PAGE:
05.11.2015 — Assets Can Be Seized to Ensure Administrative Fines’ Payment - Administrative Code Authors Propose New Interlocutory Measure
A provision entitling the court to seize assets in order to ensure the payment of administrative fines may be included into the new Administrative liability code. According to the authors of the new version of the Russian Administrative Code, who are the members of the State Duma Committee on State construction, the proposed provision will preclude dissipation of assets.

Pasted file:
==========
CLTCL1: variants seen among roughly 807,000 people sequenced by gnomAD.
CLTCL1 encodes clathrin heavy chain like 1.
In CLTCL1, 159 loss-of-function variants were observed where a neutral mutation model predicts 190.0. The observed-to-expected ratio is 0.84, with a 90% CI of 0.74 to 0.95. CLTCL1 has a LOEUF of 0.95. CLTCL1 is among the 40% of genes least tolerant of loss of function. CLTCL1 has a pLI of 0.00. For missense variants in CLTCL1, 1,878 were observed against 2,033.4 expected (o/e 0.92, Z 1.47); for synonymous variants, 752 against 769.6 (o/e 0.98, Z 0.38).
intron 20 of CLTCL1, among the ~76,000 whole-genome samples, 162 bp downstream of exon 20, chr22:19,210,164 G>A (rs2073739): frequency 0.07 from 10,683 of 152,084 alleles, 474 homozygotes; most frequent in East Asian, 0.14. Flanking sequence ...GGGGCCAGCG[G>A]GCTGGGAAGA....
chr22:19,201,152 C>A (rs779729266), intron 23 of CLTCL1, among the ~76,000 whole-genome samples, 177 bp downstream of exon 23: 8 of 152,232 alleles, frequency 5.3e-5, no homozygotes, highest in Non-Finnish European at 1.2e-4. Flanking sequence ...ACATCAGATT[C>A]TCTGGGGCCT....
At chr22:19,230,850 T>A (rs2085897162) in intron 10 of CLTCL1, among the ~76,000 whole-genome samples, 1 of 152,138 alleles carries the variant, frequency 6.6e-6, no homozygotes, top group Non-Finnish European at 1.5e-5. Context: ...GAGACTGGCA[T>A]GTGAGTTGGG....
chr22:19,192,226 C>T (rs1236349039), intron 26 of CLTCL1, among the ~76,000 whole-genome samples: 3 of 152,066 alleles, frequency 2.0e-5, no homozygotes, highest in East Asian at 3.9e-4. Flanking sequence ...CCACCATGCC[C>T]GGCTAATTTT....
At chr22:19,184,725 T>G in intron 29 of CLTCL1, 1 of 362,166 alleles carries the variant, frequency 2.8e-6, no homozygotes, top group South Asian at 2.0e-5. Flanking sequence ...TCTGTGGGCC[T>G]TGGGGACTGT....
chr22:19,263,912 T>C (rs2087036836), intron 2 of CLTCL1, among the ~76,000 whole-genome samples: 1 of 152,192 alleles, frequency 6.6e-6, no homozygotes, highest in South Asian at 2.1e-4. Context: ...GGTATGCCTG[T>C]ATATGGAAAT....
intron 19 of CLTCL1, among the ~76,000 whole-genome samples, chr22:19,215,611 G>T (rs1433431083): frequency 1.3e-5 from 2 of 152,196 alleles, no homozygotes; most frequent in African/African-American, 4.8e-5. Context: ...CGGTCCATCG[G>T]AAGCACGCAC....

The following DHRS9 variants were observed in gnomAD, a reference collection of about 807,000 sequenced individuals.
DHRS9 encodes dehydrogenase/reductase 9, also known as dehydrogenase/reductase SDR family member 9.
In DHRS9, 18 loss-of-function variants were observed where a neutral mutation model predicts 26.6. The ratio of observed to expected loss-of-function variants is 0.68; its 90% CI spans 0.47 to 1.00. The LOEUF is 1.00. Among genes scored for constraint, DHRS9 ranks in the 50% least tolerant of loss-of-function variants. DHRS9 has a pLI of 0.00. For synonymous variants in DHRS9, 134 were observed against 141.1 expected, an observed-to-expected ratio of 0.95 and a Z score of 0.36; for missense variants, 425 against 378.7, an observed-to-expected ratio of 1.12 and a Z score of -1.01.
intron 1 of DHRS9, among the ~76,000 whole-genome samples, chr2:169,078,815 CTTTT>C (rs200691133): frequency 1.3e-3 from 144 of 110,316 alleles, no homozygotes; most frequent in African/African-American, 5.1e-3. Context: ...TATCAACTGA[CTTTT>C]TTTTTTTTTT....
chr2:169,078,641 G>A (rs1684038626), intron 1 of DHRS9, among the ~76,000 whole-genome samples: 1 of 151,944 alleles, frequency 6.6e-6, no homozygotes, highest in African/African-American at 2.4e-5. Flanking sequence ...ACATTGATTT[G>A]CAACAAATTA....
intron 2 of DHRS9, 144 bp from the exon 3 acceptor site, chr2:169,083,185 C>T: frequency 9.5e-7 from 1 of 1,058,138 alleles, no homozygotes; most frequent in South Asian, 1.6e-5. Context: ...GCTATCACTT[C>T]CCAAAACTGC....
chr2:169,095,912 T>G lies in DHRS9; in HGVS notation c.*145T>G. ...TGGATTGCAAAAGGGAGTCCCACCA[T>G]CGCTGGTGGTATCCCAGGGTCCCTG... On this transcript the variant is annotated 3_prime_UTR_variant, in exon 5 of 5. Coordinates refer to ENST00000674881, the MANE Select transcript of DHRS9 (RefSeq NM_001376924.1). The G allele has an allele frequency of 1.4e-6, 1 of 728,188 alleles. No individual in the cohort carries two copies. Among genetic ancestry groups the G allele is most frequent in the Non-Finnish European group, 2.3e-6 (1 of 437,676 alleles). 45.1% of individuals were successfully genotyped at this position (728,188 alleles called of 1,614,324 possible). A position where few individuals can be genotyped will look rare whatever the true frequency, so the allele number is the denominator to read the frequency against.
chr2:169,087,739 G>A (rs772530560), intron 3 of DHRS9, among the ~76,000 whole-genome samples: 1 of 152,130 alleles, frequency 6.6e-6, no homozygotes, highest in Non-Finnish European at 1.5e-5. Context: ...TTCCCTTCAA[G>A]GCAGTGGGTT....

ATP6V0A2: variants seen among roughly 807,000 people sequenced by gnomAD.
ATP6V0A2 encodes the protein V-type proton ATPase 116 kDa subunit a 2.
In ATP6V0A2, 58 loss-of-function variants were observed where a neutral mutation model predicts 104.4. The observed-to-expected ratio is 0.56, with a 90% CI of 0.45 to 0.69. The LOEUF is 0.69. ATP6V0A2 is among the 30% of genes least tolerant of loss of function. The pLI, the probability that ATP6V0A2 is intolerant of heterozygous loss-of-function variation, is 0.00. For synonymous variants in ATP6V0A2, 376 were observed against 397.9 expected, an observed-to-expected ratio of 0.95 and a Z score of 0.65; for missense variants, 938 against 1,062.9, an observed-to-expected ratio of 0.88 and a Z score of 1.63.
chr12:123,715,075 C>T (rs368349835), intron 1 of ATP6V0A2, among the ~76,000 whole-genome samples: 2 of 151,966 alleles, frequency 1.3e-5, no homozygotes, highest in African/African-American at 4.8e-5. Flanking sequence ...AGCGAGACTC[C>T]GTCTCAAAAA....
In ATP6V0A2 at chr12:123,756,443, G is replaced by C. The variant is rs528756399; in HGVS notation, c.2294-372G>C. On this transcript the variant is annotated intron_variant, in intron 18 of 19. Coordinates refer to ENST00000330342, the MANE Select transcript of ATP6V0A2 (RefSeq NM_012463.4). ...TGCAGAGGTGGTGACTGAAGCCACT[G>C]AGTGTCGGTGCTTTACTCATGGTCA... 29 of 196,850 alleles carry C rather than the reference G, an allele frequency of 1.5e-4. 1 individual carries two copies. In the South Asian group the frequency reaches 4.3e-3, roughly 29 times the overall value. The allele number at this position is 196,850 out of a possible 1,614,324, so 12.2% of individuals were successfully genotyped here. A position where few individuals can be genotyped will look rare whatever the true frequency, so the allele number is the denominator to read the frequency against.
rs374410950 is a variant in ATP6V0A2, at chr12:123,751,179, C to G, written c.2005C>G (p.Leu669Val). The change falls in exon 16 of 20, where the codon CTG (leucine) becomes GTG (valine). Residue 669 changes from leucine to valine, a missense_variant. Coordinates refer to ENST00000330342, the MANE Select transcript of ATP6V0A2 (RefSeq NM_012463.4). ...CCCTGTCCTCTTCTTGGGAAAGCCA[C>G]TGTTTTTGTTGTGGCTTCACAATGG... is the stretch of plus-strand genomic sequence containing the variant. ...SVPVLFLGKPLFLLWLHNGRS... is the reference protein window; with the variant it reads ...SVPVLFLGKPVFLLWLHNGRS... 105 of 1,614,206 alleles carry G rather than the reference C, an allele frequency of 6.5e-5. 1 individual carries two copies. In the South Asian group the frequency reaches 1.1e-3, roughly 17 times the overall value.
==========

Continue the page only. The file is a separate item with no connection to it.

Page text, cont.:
The new interlocutory measure will be available when the defendant has to pay damages incurred as a result of an administrative offence, or a fine imposed for a gross or flagrant administrative offence. According to the bill, an offence shall be considered ‘gross’, if an individual shall pay a fine amounting to at least RUB 10.000 and not exceeding RUB 100.000, if an individual entrepreneur shall pay a fine amounting to at least RUB 100.000 and not exceeding RUB 400.000, and if a legal entity shall pay a fine amounting to at least RUB 5 million and not exceeding RUB 60 million. An offence shall be considered ‘flagrant’, if an individual shall pay a fine amounting to at least RUB 5.000 and not not exceeding RUB 10.000, if an individual entrepreneur shall pay a fine amounting to at least RUB 25.000 and not exceeding RUB 100.000, and if a legal entity shall pay a fine amounting to at least RUB 1 million and not exceeding RUB 5 million.